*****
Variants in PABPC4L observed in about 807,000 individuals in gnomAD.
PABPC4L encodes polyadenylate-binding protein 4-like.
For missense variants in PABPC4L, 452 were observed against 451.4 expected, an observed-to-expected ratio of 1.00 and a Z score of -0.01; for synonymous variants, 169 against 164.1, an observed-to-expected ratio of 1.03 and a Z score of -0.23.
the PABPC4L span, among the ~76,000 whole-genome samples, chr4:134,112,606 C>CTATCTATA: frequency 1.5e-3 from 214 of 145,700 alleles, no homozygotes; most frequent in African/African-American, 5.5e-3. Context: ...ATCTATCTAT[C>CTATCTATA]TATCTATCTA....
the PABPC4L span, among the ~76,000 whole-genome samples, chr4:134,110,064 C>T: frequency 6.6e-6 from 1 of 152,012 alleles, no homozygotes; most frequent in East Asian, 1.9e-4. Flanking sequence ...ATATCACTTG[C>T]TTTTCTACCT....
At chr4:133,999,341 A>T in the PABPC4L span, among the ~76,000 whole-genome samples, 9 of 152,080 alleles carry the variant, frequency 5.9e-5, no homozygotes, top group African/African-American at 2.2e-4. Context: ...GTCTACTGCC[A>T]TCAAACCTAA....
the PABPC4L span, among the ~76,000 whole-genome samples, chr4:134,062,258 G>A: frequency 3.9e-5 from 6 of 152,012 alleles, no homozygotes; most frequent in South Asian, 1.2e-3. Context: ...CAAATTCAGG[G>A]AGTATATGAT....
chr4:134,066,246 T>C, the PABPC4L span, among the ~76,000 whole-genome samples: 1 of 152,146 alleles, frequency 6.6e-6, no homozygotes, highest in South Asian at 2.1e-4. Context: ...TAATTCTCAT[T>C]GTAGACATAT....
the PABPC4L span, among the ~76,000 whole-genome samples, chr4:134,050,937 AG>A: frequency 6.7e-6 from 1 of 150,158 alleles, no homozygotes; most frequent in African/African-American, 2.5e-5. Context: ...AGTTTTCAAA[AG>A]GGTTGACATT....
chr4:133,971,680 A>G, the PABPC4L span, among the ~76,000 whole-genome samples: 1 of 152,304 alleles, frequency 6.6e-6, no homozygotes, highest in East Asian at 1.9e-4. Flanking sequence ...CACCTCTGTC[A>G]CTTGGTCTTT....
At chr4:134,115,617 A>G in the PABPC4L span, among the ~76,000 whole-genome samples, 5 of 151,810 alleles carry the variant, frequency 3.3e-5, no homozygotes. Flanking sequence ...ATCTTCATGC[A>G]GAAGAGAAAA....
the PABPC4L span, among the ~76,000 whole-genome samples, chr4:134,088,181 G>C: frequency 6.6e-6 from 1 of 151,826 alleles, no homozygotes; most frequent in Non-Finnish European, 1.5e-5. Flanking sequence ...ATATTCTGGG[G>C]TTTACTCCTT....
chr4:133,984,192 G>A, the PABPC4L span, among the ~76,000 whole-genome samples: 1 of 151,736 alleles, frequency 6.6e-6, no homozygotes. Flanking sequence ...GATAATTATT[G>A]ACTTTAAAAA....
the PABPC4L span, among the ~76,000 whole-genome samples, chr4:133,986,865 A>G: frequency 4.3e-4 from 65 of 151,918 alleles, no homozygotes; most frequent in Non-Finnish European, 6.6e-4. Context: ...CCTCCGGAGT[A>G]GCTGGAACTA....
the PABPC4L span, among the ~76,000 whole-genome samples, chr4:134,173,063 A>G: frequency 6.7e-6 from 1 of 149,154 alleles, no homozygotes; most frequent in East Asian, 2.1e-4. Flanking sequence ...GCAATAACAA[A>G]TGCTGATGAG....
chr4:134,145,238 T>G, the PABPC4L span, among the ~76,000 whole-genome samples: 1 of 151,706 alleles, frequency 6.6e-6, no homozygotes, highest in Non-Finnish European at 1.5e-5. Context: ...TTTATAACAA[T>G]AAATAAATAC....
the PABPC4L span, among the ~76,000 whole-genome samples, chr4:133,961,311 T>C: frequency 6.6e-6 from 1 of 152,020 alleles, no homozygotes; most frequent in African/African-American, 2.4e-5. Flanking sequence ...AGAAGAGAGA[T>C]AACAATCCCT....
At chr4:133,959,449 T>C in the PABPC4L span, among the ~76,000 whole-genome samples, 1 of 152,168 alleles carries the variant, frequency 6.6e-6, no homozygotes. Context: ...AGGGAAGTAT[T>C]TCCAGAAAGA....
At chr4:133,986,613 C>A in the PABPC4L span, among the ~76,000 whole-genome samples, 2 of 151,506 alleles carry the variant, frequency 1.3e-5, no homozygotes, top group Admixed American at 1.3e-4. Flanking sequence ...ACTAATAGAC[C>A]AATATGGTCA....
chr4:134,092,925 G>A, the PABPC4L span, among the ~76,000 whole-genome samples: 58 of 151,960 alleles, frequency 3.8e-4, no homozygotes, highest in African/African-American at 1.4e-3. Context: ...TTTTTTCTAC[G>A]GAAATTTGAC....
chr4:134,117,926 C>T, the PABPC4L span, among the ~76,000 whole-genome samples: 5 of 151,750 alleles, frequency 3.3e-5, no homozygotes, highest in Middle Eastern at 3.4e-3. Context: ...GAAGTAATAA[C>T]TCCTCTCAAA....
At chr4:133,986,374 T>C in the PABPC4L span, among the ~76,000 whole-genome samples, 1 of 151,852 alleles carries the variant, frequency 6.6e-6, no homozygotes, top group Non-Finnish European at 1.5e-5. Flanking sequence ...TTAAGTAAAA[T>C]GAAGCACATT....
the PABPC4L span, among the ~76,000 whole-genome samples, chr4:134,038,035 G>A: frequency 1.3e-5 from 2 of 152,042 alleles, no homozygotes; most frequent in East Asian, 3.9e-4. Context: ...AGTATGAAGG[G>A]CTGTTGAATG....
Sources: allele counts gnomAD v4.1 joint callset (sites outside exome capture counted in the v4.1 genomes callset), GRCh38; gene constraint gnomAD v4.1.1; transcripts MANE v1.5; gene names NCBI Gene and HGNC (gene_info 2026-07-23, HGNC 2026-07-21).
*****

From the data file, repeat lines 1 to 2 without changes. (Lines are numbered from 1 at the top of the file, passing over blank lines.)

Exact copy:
Variants in PABPC4L observed in about 807,000 individuals in gnomAD.
PABPC4L encodes polyadenylate-binding protein 4-like.